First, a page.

When a government’s independent advisory agency on human health publicly objects to proposals for a new industrial hog operation because of the risks it poses to human health, people tend to take heed. This is exactly what has happened in a small but very significant planning battle taking place in Great Britain. Midland Pig Producers (MPP) has applied to build a state-of-the-art indoor hog production unit in Derbyshire, which would hold 2,500 sows and produce around 1,000 hogs a week for slaughter – one of the biggest industrial hog farms in the country. But in what might prove to be a fatal blow to MPP’s plans, the Health Protection Agency (HPA) – the U.K. government’s independent advisory body on health – has raised a number of human health concerns about the proposal, including the fact that “recent research has found that those living up to 150m [165 yards] downwind of an intensive swine farming installation could be at risk of adverse human health effects associated with exposure to multi-drug resistant organisms.”
Yesterday we mentioned the new film, Food, Inc., in which Michael Pollan and director Robert Kenner explore the unseen costs of the food we eat. The upcoming movie promises viewers that they will “never look at dinner the same way again,” likely prompting viewers to seek alternatives to the industrial system it exposes.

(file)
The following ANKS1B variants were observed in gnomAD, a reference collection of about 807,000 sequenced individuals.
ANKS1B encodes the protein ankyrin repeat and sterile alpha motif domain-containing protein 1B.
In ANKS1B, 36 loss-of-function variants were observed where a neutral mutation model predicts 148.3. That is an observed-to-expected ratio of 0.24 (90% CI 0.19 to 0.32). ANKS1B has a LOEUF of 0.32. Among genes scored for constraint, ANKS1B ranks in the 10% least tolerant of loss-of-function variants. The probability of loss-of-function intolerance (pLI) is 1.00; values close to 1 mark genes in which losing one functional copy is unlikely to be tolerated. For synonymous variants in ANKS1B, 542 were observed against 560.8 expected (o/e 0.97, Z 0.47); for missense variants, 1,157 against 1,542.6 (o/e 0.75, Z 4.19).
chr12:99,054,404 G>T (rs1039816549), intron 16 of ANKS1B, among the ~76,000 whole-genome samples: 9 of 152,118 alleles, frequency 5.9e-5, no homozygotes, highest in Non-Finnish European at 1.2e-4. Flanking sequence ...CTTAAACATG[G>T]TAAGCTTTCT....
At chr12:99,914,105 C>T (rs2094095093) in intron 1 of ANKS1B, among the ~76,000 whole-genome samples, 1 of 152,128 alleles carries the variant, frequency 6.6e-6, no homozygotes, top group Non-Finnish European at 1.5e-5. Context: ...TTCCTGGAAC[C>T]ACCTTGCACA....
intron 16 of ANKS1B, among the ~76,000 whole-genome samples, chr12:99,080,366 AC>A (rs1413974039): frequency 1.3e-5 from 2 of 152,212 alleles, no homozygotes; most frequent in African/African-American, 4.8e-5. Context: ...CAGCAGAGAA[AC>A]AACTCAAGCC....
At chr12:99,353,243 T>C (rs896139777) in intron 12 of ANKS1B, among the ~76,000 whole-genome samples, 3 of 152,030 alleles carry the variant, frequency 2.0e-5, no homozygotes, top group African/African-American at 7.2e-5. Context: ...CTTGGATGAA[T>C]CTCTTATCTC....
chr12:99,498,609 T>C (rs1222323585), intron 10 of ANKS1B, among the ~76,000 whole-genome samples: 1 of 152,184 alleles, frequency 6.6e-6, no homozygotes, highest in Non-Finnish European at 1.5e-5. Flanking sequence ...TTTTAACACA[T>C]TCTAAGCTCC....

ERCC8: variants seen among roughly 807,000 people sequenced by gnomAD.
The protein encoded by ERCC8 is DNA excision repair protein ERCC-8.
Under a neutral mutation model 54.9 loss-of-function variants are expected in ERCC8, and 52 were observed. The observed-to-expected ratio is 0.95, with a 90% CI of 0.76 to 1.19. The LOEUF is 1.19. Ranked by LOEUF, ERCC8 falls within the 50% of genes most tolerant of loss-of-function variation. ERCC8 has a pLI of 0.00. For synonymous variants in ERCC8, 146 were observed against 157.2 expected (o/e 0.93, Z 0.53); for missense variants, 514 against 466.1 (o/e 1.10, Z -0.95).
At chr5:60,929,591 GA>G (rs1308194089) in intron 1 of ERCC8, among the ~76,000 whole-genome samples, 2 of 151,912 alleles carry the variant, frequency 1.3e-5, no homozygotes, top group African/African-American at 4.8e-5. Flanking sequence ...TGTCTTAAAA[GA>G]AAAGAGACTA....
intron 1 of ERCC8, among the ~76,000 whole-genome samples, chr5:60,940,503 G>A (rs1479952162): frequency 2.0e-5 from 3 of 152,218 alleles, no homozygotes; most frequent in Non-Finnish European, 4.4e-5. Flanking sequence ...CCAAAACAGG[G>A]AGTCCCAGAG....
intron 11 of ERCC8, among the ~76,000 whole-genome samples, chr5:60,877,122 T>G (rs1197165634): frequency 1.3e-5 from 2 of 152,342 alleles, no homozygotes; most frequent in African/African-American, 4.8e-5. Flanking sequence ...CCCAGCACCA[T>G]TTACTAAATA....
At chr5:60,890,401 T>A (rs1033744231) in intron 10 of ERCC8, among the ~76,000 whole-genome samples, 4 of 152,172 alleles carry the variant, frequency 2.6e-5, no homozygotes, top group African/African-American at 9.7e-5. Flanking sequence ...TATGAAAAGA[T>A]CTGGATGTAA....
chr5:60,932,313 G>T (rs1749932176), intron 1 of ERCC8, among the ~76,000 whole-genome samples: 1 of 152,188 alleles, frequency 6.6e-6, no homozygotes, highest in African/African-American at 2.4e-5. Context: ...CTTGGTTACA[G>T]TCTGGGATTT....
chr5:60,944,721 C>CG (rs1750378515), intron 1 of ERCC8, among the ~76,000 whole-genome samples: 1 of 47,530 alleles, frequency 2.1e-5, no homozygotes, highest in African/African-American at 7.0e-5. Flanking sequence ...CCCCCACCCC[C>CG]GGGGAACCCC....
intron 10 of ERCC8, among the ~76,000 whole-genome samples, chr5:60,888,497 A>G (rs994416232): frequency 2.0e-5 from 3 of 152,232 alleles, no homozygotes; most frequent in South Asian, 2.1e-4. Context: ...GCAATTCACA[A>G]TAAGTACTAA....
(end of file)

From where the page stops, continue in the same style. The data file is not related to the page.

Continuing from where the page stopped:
However, many fear that this alternative “real” food is too expensive. The reality is that it can actually be cheaper than factory farmed products, and can save you money in the end. A recent price comparison showed that a shopper in New York City could source humanely-raised meat for considerably less they would pay in the grocery store, just by going to the farmer. Animal Welfare Approved proved this on the plate last Thanksgiving, serving over 1,000 of New York’s most in-need pasture-raised turkey for around a dollar per person. Utilizing the whole animal, working with value cuts and re-learning how to season with meat is ultimately more economical.
Reducing meat consumption to the recommended levels would save even more. Americans consume nearly twice their daily protein requirement in meat alone. Not only does this over-consumption waste valuable resources, it may actually be making us sick.
All of this information points to a simple strategy: eat sustainable meat, dairy and eggs in reasonable quantities. Pasture-raised products can provide a healthy, sustainable source of protein – without breaking the bank.